base64 images in HTML pages

I have found out that it is possible to embed images in a HTML page as base64 strings! I like the idea of having everything as text. I use it to display the favicon on the front page of my web site.

This is very easy:

Convert your favicon to base64:

$ base64 -w 0 favicon.ico

The -w switch is to have the whole string as a single line.

Include this entry in the <head> section of your HTML page:

<link href="data:image/x-icon;base64,AAABAAE...fAAD//wAA" rel="icon" type="image/x-icon" />

I cut the base64 string a little for better visibility.

Another cool use of base64.

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Debloat docker

I recently read about docker wanting to move all their official images from the likes of Debian/Ubuntu/CentOS to Alpine Linux. This is a fantastic idea!

Alpine is very small, it is similar to the busybox image, but it includes a package manager (apk, similar to apt-get and yum) and the distribution provides about 6,000 packages, including openjdk (a must for a Spring developer like me).

The micro images are very easy to use, we go back to the roots of Linux, before systemd, even before sysv 😉 Alpine is now my base image for everything except when I need to have glibc, that is to say when I need to run binaries compiled against it, and it would be too much hassle to recompile against musl (the libc used by Alpine).

Busybox HTTPD

I love busybox. It is super simple to compile, fully customizable. It even includes a web server! These are the steps I took to make it work, from source.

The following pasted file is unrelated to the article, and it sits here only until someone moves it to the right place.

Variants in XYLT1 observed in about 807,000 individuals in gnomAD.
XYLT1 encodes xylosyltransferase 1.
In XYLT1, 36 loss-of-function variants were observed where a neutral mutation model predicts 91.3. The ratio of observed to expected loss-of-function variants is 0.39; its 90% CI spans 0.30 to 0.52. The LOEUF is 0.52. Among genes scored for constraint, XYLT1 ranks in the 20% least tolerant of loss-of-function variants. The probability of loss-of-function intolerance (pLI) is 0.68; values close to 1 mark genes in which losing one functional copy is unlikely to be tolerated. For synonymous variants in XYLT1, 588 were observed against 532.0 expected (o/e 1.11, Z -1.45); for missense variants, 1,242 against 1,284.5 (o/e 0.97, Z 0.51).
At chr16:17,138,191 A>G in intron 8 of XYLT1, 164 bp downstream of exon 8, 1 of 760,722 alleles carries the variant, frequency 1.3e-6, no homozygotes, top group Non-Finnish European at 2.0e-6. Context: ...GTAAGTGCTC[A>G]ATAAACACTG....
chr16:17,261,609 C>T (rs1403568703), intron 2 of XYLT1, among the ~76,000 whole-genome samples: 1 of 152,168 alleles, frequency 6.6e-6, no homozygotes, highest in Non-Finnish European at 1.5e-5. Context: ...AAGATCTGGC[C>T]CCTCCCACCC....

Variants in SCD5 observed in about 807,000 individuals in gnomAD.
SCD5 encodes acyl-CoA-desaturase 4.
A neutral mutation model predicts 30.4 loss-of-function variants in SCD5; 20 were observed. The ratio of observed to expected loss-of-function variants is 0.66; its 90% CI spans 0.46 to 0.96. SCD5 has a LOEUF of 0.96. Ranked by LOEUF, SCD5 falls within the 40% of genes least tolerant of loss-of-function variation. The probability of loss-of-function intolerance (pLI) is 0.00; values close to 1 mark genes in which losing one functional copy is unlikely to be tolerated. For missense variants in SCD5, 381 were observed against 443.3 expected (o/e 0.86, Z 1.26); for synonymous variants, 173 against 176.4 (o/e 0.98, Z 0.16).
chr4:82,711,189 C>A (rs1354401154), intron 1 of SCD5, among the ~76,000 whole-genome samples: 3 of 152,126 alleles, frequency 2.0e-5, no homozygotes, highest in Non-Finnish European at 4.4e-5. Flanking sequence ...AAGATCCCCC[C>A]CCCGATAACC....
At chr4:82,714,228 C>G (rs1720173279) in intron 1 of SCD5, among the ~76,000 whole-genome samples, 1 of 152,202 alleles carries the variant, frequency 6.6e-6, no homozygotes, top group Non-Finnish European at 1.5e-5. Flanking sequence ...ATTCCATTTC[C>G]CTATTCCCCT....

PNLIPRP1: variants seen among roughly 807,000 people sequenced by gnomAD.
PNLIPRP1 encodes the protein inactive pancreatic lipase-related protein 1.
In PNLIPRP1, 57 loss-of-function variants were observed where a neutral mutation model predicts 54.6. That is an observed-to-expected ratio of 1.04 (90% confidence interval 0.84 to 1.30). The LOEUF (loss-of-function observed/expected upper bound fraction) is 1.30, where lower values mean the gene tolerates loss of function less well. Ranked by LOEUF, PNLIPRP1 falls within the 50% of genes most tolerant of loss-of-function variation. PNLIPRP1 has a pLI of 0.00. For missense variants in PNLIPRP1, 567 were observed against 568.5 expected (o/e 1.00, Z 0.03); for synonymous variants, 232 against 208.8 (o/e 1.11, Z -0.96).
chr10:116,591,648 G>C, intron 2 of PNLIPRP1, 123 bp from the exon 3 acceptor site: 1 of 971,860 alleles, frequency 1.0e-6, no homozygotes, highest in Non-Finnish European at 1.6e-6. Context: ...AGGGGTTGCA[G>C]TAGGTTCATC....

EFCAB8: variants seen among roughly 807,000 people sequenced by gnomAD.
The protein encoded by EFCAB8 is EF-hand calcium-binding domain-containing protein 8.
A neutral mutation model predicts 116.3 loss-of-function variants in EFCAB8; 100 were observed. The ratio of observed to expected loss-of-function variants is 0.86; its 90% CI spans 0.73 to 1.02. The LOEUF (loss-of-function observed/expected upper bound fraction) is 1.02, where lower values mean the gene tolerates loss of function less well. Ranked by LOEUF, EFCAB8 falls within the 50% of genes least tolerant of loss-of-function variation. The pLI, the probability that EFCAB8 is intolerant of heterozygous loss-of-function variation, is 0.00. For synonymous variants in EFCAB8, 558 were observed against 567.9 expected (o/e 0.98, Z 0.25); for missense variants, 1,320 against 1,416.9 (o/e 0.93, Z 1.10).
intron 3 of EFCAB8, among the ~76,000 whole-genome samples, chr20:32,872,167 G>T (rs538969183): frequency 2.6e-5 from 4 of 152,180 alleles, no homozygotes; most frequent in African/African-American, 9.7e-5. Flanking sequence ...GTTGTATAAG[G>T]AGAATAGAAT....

Make sure you have the following packages installed on your machine: git, gcc, make

Clone the repo:

$ git clone git://busybox.net/busybox.git

Compile the source:

$ cd busybox
$ make defconfig
$ make

If you have multicore, you can speed up compilation by running (for example if you have 4 cores):

$ make -j 4

Once done, you have an executable called ‘busybox’. Run it and you will see all the commands included. You run a command as follows, for example to open a vi text editor:

$ ./busybox vi

Now, to run a web server, the command is called httpd. Each command has a short help, called with the –help switch. For httpd:

$ ./busybox httpd --help
BusyBox v1.25.0.git (2016-02-11 12:45:41 GMT) multi-call binary.

Usage: httpd [-ifv[v]] [-c CONFFILE] [-p [IP:]PORT] [-u USER[:GRP]] [-r REALM] [-h HOME]
or httpd -d/-e/-m STRING

Listen for incoming HTTP requests

        -i              Inetd mode
        -f              Don't daemonize
        -v[v]           Verbose
        -p [IP:]PORT    Bind to IP:PORT (default *:80)
        -u USER[:GRP]   Set uid/gid after binding to port
        -r REALM        Authentication Realm for Basic Authentication
        -h HOME         Home directory (default .)
        -c FILE         Configuration file (default {/etc,HOME}/httpd.conf)
        -m STRING       MD5 crypt STRING
        -e STRING       HTML encode STRING
        -d STRING       URL decode STRING

So, you can launch a web server for example like this:

$ ./busybox httpd -p 8000 -h /path/to/www/pages

There are many more possibilities, including setting up mime types, running CGI scripts etc. More information can be found on the OpenWrt wiki site where the configuration file is explained in details.